: feelings of culpability especially for imagined offenses or from a sense of inadequacy : self-reproach
Motherhood brings many things - joy beyond what you can imagine before experiencing it, a sense of urgency to do the best job possible of parenting your children, a new way of looking at the world, and, for almost every mother I know, guilt. Lots of guilt, over little and big things. Over actual offenses and imagined ones.
I read two things today that created an interesting juxtaposition on parenting. A friend posted on her job as a stay-at-home mom and I read Anna Quindlen's piece from a few weeks ago. I had different reactions to each one.
Quindlen's article affirmed me. It reminded me that I am not the only mother who fails her children, even though I try desperately not to do so. It also reminded me that I have many advantages poorer mothers might not have - I can call friends who are mothers, I have time to talk in the school yard at pick-up time because I don't work full-time, I can afford to have some time for myself when I am not working and not actively parenting. All of these things help me be a little bit better as a mother than I might otherwise be.
But it does NOT come natural to me. Parenting is hard work for me and of all the jobs I've had in my life, it's the one where I fail the most regularly. It's humbling beyond belief... and sometimes terribly discouraging.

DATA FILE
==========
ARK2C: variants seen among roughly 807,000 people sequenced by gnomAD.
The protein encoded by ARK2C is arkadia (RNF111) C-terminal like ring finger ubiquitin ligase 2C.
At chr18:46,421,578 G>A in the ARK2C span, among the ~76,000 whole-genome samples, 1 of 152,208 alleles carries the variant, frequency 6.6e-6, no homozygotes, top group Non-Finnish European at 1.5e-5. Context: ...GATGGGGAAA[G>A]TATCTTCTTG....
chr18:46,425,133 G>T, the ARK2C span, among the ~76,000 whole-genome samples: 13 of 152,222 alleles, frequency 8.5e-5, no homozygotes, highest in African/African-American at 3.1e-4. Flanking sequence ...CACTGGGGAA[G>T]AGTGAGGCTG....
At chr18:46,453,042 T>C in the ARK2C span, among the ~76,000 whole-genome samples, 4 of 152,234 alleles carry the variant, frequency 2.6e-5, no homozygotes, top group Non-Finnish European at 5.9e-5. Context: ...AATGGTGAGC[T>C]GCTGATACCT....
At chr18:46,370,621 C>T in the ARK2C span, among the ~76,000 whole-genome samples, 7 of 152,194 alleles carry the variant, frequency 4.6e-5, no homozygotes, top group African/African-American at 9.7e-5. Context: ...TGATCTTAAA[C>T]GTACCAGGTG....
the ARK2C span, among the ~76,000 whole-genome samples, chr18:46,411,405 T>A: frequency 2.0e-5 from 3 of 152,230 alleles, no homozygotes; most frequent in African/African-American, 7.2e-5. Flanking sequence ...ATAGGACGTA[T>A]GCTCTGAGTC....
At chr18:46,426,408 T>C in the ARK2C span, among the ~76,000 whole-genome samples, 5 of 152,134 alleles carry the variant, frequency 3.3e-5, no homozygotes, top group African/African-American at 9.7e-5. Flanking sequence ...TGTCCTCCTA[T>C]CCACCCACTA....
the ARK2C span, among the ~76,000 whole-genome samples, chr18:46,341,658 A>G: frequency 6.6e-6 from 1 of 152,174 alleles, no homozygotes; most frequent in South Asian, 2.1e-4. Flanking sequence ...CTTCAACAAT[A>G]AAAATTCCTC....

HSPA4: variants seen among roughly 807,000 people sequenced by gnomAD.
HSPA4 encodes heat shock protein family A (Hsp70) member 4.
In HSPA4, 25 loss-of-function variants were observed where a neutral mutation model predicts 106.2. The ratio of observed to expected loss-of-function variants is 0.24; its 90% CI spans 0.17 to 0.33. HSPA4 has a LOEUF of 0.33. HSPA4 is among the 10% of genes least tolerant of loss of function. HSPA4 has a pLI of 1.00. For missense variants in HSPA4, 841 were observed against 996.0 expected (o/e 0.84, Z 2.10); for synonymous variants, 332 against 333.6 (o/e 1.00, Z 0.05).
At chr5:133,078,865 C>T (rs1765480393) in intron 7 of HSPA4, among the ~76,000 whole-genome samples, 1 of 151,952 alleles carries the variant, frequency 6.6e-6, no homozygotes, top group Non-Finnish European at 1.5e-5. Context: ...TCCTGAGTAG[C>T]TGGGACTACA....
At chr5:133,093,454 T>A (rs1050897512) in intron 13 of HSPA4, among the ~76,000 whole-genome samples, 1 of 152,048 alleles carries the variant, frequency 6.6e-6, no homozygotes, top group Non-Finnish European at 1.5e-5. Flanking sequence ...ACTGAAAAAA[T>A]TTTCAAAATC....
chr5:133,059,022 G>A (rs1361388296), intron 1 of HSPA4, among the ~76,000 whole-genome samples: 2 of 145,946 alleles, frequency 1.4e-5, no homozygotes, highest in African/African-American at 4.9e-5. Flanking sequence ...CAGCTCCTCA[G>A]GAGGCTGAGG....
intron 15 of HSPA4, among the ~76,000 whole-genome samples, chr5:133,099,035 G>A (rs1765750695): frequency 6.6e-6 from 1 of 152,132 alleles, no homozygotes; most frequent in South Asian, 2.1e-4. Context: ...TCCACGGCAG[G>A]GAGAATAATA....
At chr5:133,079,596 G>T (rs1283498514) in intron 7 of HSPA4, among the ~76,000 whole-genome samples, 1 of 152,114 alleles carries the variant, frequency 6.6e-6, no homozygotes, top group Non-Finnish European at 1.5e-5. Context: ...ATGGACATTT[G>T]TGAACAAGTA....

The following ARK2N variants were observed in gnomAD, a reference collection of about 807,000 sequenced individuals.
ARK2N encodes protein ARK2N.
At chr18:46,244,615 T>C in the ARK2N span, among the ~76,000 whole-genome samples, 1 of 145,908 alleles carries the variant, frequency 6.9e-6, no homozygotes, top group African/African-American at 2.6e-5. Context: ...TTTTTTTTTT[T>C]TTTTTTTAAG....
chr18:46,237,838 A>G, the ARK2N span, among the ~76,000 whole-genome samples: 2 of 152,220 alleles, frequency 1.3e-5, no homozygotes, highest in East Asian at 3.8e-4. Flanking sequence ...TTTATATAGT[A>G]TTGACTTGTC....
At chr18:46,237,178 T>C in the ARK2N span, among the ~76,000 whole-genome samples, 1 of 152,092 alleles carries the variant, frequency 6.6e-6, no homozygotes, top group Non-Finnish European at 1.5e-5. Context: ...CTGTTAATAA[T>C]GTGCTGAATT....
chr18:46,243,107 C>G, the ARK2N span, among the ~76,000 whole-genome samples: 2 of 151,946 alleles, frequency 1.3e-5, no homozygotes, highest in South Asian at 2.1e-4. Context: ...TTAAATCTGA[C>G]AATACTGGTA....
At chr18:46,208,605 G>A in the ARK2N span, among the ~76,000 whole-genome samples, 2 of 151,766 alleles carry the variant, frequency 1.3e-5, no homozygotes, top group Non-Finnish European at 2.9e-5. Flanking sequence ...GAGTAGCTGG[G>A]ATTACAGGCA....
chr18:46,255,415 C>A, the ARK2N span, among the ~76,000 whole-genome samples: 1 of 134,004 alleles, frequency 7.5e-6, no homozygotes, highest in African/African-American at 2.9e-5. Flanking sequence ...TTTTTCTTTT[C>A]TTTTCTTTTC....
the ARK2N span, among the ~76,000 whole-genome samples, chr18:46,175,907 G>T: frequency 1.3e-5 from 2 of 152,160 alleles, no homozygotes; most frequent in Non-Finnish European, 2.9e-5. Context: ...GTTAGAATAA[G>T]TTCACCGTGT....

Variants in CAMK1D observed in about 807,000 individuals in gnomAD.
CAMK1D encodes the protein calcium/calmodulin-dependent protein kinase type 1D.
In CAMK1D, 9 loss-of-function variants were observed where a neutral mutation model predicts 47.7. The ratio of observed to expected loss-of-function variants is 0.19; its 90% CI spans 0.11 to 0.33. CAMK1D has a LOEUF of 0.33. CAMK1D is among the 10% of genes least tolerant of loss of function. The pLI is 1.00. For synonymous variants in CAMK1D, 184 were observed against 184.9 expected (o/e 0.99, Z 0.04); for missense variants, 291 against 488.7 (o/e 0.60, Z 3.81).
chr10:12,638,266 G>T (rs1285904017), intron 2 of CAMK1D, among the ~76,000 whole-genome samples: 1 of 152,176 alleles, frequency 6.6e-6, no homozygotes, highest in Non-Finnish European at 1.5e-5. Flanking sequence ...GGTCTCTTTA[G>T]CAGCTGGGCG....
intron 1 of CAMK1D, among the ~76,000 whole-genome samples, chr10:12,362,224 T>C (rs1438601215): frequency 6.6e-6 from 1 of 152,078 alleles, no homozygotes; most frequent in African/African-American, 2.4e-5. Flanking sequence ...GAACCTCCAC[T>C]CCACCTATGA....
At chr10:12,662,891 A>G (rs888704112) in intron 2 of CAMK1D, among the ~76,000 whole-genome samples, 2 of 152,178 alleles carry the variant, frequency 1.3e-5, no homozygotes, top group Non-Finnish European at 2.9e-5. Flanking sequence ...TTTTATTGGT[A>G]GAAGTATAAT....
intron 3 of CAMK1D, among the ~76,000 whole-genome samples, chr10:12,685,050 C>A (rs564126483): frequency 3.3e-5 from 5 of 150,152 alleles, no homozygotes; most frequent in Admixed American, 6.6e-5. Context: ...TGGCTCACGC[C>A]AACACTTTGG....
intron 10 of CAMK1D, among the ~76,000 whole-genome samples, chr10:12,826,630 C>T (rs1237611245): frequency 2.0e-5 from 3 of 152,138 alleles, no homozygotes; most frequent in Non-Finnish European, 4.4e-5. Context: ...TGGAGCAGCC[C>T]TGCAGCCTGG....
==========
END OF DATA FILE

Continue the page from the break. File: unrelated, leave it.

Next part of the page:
So, a few years ago, a post like my friend's would have induced waves of guilt. Because I did miss my job. I felt adrift and I never really loved staying at home full-time with my children, even though it was necessary for our family for a while. I don't know how we would have retained our sanity as a family with J working 70 hour weeks if I hadn't been a full time caregiver. But it was a very hard season for me. Thankfully, I have matured as a mom and an individual and I don't feel guilt about this any more. I believe I was given a certain set of gifts and if work allows me to use the gifts I have, that is cause for celebration, not guilt over the gifts that aren't in my package.
I don't want to give the impression that I don't love my daughters. I do love them very much and I love being with them. But being a mother is hard work for me and, like Anna Quindlen, I think we shouldn't pretend it's easy - at least for those of us who do have to work at it. I think if more of us would be honest about parenting's pitfalls, challenges and flat-out failures, there would be a lot less guilt to go around.